Lessons in Long Draw: Fauxlags & Rolags

Earlier this year I shared my very first attempt at long draw. For that spin, I used roving from the fleece of a sheep my husband adopted for me a few years back. After that spin, I felt fairly confident that I was getting the skill down so when Mary Ann of Three Waters Farm mentioned that Shetland top works well spun with long draw when rolled into fauxlags, I ordered a small load of Shetland top and set to giving this technique a whirl! If you weren’t aware, when presented with a new spinning challenge, I have a pretty hard time walking away. I just so enjoy the challenge & adventure of new technique!

I had a bit of experience rolling fauxlags from a few years back, but it had been a while so I went back to David of Southern Cross Fibre’s instructional post on rolling fauxlags from combed top. Basically, it goes like this:

  1. Predraft

img_1251Maybe even a little more than this picture. Yes, now I would probably open those fibers up a bit more.

 

2. Roll with a smooth something — rolling pin, dowel, or, in my case, the wooden end of a dough whisk — spreading out the fiber as you roll and being sure to not roll too tightly.img_1254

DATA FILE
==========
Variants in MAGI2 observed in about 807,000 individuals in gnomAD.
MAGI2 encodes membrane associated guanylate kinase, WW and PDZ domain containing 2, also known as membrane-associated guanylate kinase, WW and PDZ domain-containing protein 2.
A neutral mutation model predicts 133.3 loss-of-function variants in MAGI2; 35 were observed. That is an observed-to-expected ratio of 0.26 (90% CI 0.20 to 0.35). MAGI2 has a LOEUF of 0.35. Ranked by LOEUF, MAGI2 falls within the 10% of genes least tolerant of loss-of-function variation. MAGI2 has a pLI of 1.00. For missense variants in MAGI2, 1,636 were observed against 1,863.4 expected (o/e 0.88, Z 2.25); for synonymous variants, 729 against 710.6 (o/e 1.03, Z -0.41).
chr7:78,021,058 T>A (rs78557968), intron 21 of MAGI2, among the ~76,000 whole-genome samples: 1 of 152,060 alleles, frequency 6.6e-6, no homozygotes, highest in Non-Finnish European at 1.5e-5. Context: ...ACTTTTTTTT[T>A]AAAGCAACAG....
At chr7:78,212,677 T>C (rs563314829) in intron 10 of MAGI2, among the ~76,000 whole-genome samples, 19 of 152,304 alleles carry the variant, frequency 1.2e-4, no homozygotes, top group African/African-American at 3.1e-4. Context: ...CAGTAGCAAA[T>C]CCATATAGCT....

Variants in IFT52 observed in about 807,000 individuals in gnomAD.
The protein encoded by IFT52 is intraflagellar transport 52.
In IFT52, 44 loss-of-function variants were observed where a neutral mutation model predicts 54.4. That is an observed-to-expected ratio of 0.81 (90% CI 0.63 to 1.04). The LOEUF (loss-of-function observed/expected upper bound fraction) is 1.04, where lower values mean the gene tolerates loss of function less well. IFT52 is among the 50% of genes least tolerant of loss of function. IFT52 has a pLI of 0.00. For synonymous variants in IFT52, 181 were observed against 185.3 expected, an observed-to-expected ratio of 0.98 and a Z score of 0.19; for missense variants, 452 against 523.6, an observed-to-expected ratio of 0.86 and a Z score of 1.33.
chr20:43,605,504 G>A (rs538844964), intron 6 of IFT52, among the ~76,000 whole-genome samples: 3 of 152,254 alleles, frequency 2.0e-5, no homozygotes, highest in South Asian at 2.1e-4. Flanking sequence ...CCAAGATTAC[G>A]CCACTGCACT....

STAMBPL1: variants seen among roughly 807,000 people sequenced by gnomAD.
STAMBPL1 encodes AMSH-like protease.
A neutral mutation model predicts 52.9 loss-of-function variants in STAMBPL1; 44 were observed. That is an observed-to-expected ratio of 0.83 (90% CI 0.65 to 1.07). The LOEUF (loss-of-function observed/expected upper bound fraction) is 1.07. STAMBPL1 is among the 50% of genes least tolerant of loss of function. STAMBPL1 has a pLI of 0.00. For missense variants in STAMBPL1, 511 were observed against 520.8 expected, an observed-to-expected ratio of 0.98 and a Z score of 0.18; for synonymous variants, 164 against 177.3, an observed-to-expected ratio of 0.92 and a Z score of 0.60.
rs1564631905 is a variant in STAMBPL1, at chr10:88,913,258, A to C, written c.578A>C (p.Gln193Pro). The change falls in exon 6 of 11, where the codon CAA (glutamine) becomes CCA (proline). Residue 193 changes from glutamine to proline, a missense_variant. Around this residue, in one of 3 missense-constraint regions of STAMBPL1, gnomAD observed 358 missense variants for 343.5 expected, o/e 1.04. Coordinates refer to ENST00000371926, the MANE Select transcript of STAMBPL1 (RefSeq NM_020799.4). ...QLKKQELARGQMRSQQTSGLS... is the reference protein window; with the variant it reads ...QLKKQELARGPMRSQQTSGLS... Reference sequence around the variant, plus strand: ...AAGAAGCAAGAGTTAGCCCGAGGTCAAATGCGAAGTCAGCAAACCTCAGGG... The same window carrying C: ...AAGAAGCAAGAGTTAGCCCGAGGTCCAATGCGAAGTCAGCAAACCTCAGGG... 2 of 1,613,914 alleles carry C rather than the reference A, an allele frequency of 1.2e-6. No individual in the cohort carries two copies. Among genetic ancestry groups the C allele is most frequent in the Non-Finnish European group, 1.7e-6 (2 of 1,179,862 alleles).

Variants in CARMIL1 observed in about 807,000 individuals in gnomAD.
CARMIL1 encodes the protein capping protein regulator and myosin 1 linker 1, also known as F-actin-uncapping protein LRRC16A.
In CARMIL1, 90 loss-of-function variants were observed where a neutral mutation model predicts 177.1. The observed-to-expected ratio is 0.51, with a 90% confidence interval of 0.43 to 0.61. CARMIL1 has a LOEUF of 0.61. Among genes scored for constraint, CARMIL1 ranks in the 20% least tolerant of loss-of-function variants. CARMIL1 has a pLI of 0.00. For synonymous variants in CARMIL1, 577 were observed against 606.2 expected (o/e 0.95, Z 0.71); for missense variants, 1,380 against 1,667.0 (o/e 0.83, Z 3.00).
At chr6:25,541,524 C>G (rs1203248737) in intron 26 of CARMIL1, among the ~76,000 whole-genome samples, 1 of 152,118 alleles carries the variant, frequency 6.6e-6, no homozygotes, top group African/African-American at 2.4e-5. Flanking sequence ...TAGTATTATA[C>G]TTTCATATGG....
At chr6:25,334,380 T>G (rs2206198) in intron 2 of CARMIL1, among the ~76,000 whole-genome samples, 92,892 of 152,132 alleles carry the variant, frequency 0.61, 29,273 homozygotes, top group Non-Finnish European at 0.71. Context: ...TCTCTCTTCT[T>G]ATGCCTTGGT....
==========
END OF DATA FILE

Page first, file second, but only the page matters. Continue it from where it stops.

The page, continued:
David shows you rolling and breaking as you go once you’ve gone around once, but I had broken up this spin for colors, so I went with the breaks I had and made slightly bigger fauxlags.

3. Press down the tail a bit just so it stays put (it doesn’t take much with this wonderfully grippy fiber) and slide off your rolling device.

img_1252.jpg

Voilà! Fauxlags!

img_1281-1

This basket was not my first run at rolling fauxlags during this round of lessons in long draw – this was my third! It is definitely a learned skilled, an art in and of itself!

My first fauxlag spin was with Three Waters Farm Shetland in the Red Dirt colorway and my finished yarn shows the steep learning curve I met…

img_1586

For this spin, I attempted a true long draw with my Schacht Reeves.

img_1587

I had a very hard time staying consistent working with my fauxlags. Part of it, I believe was that I wound the fauxlags too tightly, part was that I was struggling to get the uptake just right. It led to an inconsistent, bulkier than intended yarn.

For the second attempt, I started to experiment with a supported long draw. Using my Three Waters Farm Shetland in Night Blues, I tuned in the uptake and I got into a “pinch, pull back” rhythm. Pinch with my left hand, providing a little resistance to make the long draw “pull back” with my right hand easier.

img_1588

You can see the huge improvement in this yarn’s consistency.

img_1589